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Sudan turmoil: As violence in Khartoum worsens, refugees flock to Egypt

Egypt said more than 100 buses carrying Egyptians, Sudanese and other nationalities had arrived at the border with Sudan
People wait with luggage before boarding a bus departing from Khartoum, as battles rage in the city between the army and paramilitaries, 24 April 2023 (AFP)
By Azza Guergues in Cairo

With violence raging in the Sudanese capital Khartoum, thousands of people have rushed to the Egypt-Sudan border crossing after a risky ride with high-priced bus tickets and long checkpoint waits.

On 22 April, Noon Abdelbassit, a 21-year-old medical student from Khartoum, arrived at the Argeen border crossing in southern Egypt, after an 850-kilometre journey that cost her $200.

She fled the capital with her brother and two uncles one week after a power struggle broke out in Sudan between the Sudanese army commander Abdel Fattah al-Burhan and the head of the paramilitary group Rapid Support Force (RSF), Mohamed Hamdan Dagalo (known as Hemeti).

Abdelbassit told Middle East Eye after arriving in Cairo, “the travel went super smoothly, thank God”. There were, however, a few times when she felt uneasy when passing through checkpoints in Khartoum, but the roads afterwards were safe.

She said that the journey was “extremely long and very tiring”. There were only two buses when she arrived at the border.

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However, her friends told her that, two days after her arrival, there were around 40 buses at the border, as well as a dramatic increase in bus ticket prices.

Since fighting flared up in the country, more than 3,700 people have been injured and more than 420 have died, according to the World Health Organisation (WHO).

While Abdelbassit was able to cross the border, her brother and two uncles were not allowed in. They had to travel to Wadi Halfa, in northern Sudan, to apply for visas at the Egyptian consulate, which is currently closed due to the Eid-Al Fitr holiday.

At land crossings, Sudanese women and children are not required to have a visa to enter Egypt; only males aged 16-50 need one.

Rila, a 25-year-old engineer, left Khartoum with her 22-year-old sister. She told MEE there was no electricity, food or water in her building, only a constant barrage of gunfire and explosions.

As she arrived at Argeen last Sunday, 40 other buses arrived throughout the day. At the Egyptian border, staff told them they were understaffed and could not accommodate many people, leaving them to wait for many hours. 

"It took a long time for the Egyptian border officials to process the paperwork. We waited on the bus from 5 pm [on Sunday] until 5 am on Monday," Rila said. 

"People were very tired from the long travel. Some elderly people experienced dizziness and high blood pressure."

'Extremely bad'

Egypt's official state TV channel AlQahera News reported from the Argeen crossing on Tuesday that more than 100 buses carrying Egyptians, Sudanese and other nationalities had arrived at the border in the last few hours and that thousands of people are expected to arrive this week.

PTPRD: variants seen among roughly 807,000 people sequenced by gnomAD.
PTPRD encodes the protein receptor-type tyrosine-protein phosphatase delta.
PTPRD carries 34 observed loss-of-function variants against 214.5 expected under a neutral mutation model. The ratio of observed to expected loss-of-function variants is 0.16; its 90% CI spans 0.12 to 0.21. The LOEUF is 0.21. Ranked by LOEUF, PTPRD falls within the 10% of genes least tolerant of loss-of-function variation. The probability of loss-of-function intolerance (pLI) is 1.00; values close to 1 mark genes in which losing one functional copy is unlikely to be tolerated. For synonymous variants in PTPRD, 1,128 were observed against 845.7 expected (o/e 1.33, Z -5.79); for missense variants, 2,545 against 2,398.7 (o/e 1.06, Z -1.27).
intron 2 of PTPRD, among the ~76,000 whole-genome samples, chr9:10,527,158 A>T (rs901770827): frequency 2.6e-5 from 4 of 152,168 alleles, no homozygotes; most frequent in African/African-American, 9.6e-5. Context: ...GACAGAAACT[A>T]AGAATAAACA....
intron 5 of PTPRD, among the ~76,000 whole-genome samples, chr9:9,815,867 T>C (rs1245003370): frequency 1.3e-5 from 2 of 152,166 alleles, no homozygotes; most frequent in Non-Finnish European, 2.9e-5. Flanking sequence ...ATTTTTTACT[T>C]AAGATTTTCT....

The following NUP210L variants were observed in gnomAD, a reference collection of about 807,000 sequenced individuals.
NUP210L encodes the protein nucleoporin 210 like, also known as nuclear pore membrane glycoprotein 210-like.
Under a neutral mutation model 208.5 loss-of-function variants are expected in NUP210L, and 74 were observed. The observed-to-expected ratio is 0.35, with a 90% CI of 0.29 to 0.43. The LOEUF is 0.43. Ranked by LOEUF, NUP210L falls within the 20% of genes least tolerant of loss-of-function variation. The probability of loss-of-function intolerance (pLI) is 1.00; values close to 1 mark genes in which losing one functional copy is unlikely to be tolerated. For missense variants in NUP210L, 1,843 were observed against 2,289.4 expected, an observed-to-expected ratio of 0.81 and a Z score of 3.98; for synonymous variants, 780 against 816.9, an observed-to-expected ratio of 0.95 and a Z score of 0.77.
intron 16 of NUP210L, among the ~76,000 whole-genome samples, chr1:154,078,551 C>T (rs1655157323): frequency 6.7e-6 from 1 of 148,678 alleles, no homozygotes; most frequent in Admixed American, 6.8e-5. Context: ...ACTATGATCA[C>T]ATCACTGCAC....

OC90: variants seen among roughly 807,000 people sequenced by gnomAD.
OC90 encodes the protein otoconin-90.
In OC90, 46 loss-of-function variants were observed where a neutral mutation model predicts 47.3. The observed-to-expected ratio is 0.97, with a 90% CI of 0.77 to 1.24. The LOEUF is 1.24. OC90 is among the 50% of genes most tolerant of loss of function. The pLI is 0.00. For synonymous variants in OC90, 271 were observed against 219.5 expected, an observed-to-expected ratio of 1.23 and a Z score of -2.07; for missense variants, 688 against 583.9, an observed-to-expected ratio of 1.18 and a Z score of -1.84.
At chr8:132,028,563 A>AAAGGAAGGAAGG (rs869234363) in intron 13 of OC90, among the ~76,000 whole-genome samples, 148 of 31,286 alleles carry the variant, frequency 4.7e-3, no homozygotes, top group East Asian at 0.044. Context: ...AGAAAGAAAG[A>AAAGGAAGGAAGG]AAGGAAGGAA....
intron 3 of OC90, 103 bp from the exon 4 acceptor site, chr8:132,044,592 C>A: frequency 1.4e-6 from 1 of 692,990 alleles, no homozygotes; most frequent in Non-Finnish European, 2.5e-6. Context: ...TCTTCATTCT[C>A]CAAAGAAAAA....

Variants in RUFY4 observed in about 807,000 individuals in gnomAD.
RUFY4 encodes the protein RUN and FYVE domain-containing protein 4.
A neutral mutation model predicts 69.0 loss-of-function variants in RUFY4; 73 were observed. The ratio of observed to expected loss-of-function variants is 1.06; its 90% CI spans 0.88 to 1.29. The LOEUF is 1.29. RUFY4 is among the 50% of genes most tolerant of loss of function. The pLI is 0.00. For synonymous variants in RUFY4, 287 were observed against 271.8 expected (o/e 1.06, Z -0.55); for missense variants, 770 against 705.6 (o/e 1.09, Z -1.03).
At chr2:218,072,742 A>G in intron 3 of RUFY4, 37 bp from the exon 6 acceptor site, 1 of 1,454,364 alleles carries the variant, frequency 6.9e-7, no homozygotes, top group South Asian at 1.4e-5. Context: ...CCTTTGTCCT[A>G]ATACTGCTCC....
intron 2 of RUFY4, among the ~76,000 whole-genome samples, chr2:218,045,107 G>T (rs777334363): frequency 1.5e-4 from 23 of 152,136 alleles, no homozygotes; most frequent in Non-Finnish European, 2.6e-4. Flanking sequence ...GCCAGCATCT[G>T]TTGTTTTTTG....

The Egyptian foreign ministry said on 23 April that 436 Egyptians safely reached the Sudan-Egypt border.

AlQahera's footage showed several ambulances at the Argeen border, Sudanese families leaving buses with their luggage, and many Egyptian truck drivers who were delivering goods to Sudanese towns, when the conflict erupted.

Earlier this week, a Sudanese lawyer, who preferred not to be identified, arrived at the Argeen border crossing with his mother and three- and six-year-old nephews. It took them 11 hours to get there. The crossing was relatively quiet at the time since the Eid al-Fitr holidays were just starting.

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He told MEE that he was forced to leave as there was no food in supermarkets, no running water in homes, and even his house, in Kafouri, an upper-class district in Khartoum with an RSF presence, had been shot at twice.

The lawyer spent 70,000 Sudanese pounds ($123) on the bus trip from Khartoum to the border, and now with more people departing for Egypt, including his sister and brother, the "crisis exploiters" are increasing prices.

“The situation in Sudan is extremely bad,” he said, adding that he plans to extend his stay in Egypt since there was no chance of returning soon.

The Egyptian Initiative for Personal Rights (EIPR) estimates that there are between 2 million and 5 million Sudanese refugees living in Egypt, one of the largest Sudanese communities abroad. As of right now, there is no official estimate of how many Sudanese refugees will be forced to flee by the current crisis.

In response to the forecasted influx of refugees, many Egyptian activists have been campaigning on social media for visa-free borders for Sudanese, while Cairo-based charities have established emergency hotlines for refugees in need of medical help.

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